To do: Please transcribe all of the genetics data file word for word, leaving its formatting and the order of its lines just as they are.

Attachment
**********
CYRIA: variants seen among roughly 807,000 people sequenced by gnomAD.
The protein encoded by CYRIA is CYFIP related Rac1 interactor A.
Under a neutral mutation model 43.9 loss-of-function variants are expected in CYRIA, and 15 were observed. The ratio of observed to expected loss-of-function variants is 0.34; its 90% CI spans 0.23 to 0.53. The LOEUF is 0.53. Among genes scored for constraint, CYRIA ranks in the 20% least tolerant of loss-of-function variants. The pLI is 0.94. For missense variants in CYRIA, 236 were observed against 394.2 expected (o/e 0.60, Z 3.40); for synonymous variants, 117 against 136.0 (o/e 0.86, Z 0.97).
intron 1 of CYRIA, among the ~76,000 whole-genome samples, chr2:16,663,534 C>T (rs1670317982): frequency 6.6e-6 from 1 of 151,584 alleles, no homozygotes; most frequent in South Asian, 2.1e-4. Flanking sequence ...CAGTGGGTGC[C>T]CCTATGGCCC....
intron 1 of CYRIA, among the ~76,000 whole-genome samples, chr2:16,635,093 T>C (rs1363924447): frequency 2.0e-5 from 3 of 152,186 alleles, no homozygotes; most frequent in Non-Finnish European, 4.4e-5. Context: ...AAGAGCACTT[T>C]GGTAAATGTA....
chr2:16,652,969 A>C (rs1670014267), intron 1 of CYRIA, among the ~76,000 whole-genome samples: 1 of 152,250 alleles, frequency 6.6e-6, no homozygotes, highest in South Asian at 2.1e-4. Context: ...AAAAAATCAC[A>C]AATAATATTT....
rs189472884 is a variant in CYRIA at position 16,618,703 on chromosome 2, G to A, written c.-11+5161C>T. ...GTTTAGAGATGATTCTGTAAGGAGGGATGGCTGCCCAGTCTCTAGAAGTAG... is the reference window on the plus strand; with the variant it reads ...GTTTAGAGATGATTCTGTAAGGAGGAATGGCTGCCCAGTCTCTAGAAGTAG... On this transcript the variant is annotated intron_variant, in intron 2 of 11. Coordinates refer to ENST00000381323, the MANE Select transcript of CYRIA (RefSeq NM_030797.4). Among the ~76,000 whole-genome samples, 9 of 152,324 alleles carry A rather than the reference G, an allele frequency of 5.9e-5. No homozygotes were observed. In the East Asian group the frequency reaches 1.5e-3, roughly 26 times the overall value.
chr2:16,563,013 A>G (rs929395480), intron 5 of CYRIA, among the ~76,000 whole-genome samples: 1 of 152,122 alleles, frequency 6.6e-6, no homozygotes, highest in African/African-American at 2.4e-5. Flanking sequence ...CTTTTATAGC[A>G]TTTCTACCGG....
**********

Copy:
CYRIA: variants seen among roughly 807,000 people sequenced by gnomAD.
The protein encoded by CYRIA is CYFIP related Rac1 interactor A.
Under a neutral mutation model 43.9 loss-of-function variants are expected in CYRIA, and 15 were observed. The ratio of observed to expected loss-of-function variants is 0.34; its 90% CI spans 0.23 to 0.53. The LOEUF is 0.53. Among genes scored for constraint, CYRIA ranks in the 20% least tolerant of loss-of-function variants. The pLI is 0.94. For missense variants in CYRIA, 236 were observed against 394.2 expected (o/e 0.60, Z 3.40); for synonymous variants, 117 against 136.0 (o/e 0.86, Z 0.97).
intron 1 of CYRIA, among the ~76,000 whole-genome samples, chr2:16,663,534 C>T (rs1670317982): frequency 6.6e-6 from 1 of 151,584 alleles, no homozygotes; most frequent in South Asian, 2.1e-4. Flanking sequence ...CAGTGGGTGC[C>T]CCTATGGCCC....
intron 1 of CYRIA, among the ~76,000 whole-genome samples, chr2:16,635,093 T>C (rs1363924447): frequency 2.0e-5 from 3 of 152,186 alleles, no homozygotes; most frequent in Non-Finnish European, 4.4e-5. Context: ...AAGAGCACTT[T>C]GGTAAATGTA....
chr2:16,652,969 A>C (rs1670014267), intron 1 of CYRIA, among the ~76,000 whole-genome samples: 1 of 152,250 alleles, frequency 6.6e-6, no homozygotes, highest in South Asian at 2.1e-4. Context: ...AAAAAATCAC[A>C]AATAATATTT....
rs189472884 is a variant in CYRIA at position 16,618,703 on chromosome 2, G to A, written c.-11+5161C>T. ...GTTTAGAGATGATTCTGTAAGGAGGGATGGCTGCCCAGTCTCTAGAAGTAG... is the reference window on the plus strand; with the variant it reads ...GTTTAGAGATGATTCTGTAAGGAGGAATGGCTGCCCAGTCTCTAGAAGTAG... On this transcript the variant is annotated intron_variant, in intron 2 of 11. Coordinates refer to ENST00000381323, the MANE Select transcript of CYRIA (RefSeq NM_030797.4). Among the ~76,000 whole-genome samples, 9 of 152,324 alleles carry A rather than the reference G, an allele frequency of 5.9e-5. No homozygotes were observed. In the East Asian group the frequency reaches 1.5e-3, roughly 26 times the overall value.
chr2:16,563,013 A>G (rs929395480), intron 5 of CYRIA, among the ~76,000 whole-genome samples: 1 of 152,122 alleles, frequency 6.6e-6, no homozygotes, highest in African/African-American at 2.4e-5. Flanking sequence ...CTTTTATAGC[A>G]TTTCTACCGG....